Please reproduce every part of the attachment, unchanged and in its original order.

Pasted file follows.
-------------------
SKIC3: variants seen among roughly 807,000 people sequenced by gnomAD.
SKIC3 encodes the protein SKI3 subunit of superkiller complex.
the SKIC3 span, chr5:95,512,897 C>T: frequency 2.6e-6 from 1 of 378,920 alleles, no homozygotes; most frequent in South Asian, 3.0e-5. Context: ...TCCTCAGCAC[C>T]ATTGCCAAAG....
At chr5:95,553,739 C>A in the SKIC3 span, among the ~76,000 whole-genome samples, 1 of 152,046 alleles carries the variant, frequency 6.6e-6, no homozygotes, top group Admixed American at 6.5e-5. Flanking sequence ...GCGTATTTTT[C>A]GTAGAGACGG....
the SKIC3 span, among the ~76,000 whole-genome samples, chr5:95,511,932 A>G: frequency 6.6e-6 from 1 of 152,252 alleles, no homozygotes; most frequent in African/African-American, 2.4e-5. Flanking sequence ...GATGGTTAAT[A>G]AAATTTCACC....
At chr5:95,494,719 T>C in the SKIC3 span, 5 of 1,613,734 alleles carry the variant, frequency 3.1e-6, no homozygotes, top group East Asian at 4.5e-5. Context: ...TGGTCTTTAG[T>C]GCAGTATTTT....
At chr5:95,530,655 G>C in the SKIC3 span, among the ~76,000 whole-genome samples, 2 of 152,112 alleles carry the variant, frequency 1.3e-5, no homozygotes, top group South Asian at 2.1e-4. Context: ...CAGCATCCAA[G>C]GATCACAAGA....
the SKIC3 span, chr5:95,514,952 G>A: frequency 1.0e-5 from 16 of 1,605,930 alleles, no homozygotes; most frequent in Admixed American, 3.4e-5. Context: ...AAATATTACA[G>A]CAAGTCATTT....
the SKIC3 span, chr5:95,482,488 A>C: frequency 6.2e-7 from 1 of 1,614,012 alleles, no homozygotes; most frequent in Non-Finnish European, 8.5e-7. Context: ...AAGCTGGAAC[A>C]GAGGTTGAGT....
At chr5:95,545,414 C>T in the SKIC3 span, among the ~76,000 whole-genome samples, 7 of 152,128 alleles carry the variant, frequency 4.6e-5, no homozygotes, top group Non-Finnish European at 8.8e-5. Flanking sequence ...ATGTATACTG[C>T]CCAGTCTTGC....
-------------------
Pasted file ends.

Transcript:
SKIC3: variants seen among roughly 807,000 people sequenced by gnomAD.
SKIC3 encodes the protein SKI3 subunit of superkiller complex.
the SKIC3 span, chr5:95,512,897 C>T: frequency 2.6e-6 from 1 of 378,920 alleles, no homozygotes; most frequent in South Asian, 3.0e-5. Context: ...TCCTCAGCAC[C>T]ATTGCCAAAG....
At chr5:95,553,739 C>A in the SKIC3 span, among the ~76,000 whole-genome samples, 1 of 152,046 alleles carries the variant, frequency 6.6e-6, no homozygotes, top group Admixed American at 6.5e-5. Flanking sequence ...GCGTATTTTT[C>A]GTAGAGACGG....
the SKIC3 span, among the ~76,000 whole-genome samples, chr5:95,511,932 A>G: frequency 6.6e-6 from 1 of 152,252 alleles, no homozygotes; most frequent in African/African-American, 2.4e-5. Flanking sequence ...GATGGTTAAT[A>G]AAATTTCACC....
At chr5:95,494,719 T>C in the SKIC3 span, 5 of 1,613,734 alleles carry the variant, frequency 3.1e-6, no homozygotes, top group East Asian at 4.5e-5. Context: ...TGGTCTTTAG[T>C]GCAGTATTTT....
At chr5:95,530,655 G>C in the SKIC3 span, among the ~76,000 whole-genome samples, 2 of 152,112 alleles carry the variant, frequency 1.3e-5, no homozygotes, top group South Asian at 2.1e-4. Context: ...CAGCATCCAA[G>C]GATCACAAGA....
the SKIC3 span, chr5:95,514,952 G>A: frequency 1.0e-5 from 16 of 1,605,930 alleles, no homozygotes; most frequent in Admixed American, 3.4e-5. Context: ...AAATATTACA[G>A]CAAGTCATTT....
the SKIC3 span, chr5:95,482,488 A>C: frequency 6.2e-7 from 1 of 1,614,012 alleles, no homozygotes; most frequent in Non-Finnish European, 8.5e-7. Context: ...AAGCTGGAAC[A>C]GAGGTTGAGT....
At chr5:95,545,414 C>T in the SKIC3 span, among the ~76,000 whole-genome samples, 7 of 152,128 alleles carry the variant, frequency 4.6e-5, no homozygotes, top group Non-Finnish European at 8.8e-5. Flanking sequence ...ATGTATACTG[C>T]CCAGTCTTGC....